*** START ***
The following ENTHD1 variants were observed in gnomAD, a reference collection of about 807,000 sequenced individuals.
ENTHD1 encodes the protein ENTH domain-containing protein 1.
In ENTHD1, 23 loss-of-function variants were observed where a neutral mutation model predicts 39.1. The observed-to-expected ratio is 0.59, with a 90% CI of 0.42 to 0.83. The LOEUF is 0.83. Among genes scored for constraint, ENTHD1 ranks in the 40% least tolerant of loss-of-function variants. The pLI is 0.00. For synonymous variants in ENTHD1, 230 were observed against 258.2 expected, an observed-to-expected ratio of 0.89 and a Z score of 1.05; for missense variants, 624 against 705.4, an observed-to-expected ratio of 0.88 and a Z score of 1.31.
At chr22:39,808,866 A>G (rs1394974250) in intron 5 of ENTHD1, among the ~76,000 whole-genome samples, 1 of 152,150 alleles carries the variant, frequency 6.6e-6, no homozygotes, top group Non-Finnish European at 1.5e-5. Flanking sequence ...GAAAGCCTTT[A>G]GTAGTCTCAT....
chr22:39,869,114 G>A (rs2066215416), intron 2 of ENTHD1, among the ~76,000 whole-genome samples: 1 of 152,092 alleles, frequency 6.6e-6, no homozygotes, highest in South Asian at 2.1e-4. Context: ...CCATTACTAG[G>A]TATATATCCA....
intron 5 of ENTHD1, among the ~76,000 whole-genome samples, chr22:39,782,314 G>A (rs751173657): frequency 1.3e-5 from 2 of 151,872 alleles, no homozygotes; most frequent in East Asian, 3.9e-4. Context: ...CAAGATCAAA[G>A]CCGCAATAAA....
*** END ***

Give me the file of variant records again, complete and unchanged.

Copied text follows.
The following ENTHD1 variants were observed in gnomAD, a reference collection of about 807,000 sequenced individuals.
ENTHD1 encodes the protein ENTH domain-containing protein 1.
In ENTHD1, 23 loss-of-function variants were observed where a neutral mutation model predicts 39.1. The observed-to-expected ratio is 0.59, with a 90% CI of 0.42 to 0.83. The LOEUF is 0.83. Among genes scored for constraint, ENTHD1 ranks in the 40% least tolerant of loss-of-function variants. The pLI is 0.00. For synonymous variants in ENTHD1, 230 were observed against 258.2 expected, an observed-to-expected ratio of 0.89 and a Z score of 1.05; for missense variants, 624 against 705.4, an observed-to-expected ratio of 0.88 and a Z score of 1.31.
At chr22:39,808,866 A>G (rs1394974250) in intron 5 of ENTHD1, among the ~76,000 whole-genome samples, 1 of 152,150 alleles carries the variant, frequency 6.6e-6, no homozygotes, top group Non-Finnish European at 1.5e-5. Flanking sequence ...GAAAGCCTTT[A>G]GTAGTCTCAT....
chr22:39,869,114 G>A (rs2066215416), intron 2 of ENTHD1, among the ~76,000 whole-genome samples: 1 of 152,092 alleles, frequency 6.6e-6, no homozygotes, highest in South Asian at 2.1e-4. Context: ...CCATTACTAG[G>A]TATATATCCA....
intron 5 of ENTHD1, among the ~76,000 whole-genome samples, chr22:39,782,314 G>A (rs751173657): frequency 1.3e-5 from 2 of 151,872 alleles, no homozygotes; most frequent in East Asian, 3.9e-4. Context: ...CAAGATCAAA[G>A]CCGCAATAAA....